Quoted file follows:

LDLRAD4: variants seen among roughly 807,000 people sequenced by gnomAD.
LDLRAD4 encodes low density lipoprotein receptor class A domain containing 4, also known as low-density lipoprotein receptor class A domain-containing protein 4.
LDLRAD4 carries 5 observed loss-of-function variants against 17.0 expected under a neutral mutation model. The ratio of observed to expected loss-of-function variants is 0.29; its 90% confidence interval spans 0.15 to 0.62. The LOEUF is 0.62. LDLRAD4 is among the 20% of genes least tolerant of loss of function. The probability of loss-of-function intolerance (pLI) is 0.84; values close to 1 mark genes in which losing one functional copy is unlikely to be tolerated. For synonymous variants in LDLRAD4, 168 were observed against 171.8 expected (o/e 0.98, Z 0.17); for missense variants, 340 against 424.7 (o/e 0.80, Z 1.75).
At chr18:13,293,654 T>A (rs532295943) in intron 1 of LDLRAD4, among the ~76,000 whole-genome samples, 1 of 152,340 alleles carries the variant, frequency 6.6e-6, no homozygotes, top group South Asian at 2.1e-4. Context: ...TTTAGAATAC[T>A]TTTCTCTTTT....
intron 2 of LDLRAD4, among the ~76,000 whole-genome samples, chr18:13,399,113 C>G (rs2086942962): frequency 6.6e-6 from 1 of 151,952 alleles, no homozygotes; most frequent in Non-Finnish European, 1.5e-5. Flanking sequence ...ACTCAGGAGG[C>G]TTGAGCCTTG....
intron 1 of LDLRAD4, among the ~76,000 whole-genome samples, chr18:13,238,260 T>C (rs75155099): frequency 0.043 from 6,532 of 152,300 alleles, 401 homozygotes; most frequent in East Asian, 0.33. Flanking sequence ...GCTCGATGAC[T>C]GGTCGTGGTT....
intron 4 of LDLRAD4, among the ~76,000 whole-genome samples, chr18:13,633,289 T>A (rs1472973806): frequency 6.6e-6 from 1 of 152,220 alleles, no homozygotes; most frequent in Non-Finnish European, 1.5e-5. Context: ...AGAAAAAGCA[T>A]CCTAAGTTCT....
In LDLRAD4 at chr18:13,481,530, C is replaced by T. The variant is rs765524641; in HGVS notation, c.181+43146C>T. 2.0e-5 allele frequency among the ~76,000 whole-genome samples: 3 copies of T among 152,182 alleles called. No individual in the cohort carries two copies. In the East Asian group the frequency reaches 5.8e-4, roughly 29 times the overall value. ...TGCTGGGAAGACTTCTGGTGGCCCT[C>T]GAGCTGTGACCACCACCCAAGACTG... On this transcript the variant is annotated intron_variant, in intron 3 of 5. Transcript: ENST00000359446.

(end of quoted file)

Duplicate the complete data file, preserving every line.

LDLRAD4: variants seen among roughly 807,000 people sequenced by gnomAD.
LDLRAD4 encodes low density lipoprotein receptor class A domain containing 4, also known as low-density lipoprotein receptor class A domain-containing protein 4.
LDLRAD4 carries 5 observed loss-of-function variants against 17.0 expected under a neutral mutation model. The ratio of observed to expected loss-of-function variants is 0.29; its 90% confidence interval spans 0.15 to 0.62. The LOEUF is 0.62. LDLRAD4 is among the 20% of genes least tolerant of loss of function. The probability of loss-of-function intolerance (pLI) is 0.84; values close to 1 mark genes in which losing one functional copy is unlikely to be tolerated. For synonymous variants in LDLRAD4, 168 were observed against 171.8 expected (o/e 0.98, Z 0.17); for missense variants, 340 against 424.7 (o/e 0.80, Z 1.75).
At chr18:13,293,654 T>A (rs532295943) in intron 1 of LDLRAD4, among the ~76,000 whole-genome samples, 1 of 152,340 alleles carries the variant, frequency 6.6e-6, no homozygotes, top group South Asian at 2.1e-4. Context: ...TTTAGAATAC[T>A]TTTCTCTTTT....
intron 2 of LDLRAD4, among the ~76,000 whole-genome samples, chr18:13,399,113 C>G (rs2086942962): frequency 6.6e-6 from 1 of 151,952 alleles, no homozygotes; most frequent in Non-Finnish European, 1.5e-5. Flanking sequence ...ACTCAGGAGG[C>G]TTGAGCCTTG....
intron 1 of LDLRAD4, among the ~76,000 whole-genome samples, chr18:13,238,260 T>C (rs75155099): frequency 0.043 from 6,532 of 152,300 alleles, 401 homozygotes; most frequent in East Asian, 0.33. Flanking sequence ...GCTCGATGAC[T>C]GGTCGTGGTT....
intron 4 of LDLRAD4, among the ~76,000 whole-genome samples, chr18:13,633,289 T>A (rs1472973806): frequency 6.6e-6 from 1 of 152,220 alleles, no homozygotes; most frequent in Non-Finnish European, 1.5e-5. Context: ...AGAAAAAGCA[T>A]CCTAAGTTCT....
In LDLRAD4 at chr18:13,481,530, C is replaced by T. The variant is rs765524641; in HGVS notation, c.181+43146C>T. 2.0e-5 allele frequency among the ~76,000 whole-genome samples: 3 copies of T among 152,182 alleles called. No individual in the cohort carries two copies. In the East Asian group the frequency reaches 5.8e-4, roughly 29 times the overall value. ...TGCTGGGAAGACTTCTGGTGGCCCT[C>T]GAGCTGTGACCACCACCCAAGACTG... On this transcript the variant is annotated intron_variant, in intron 3 of 5. Transcript: ENST00000359446.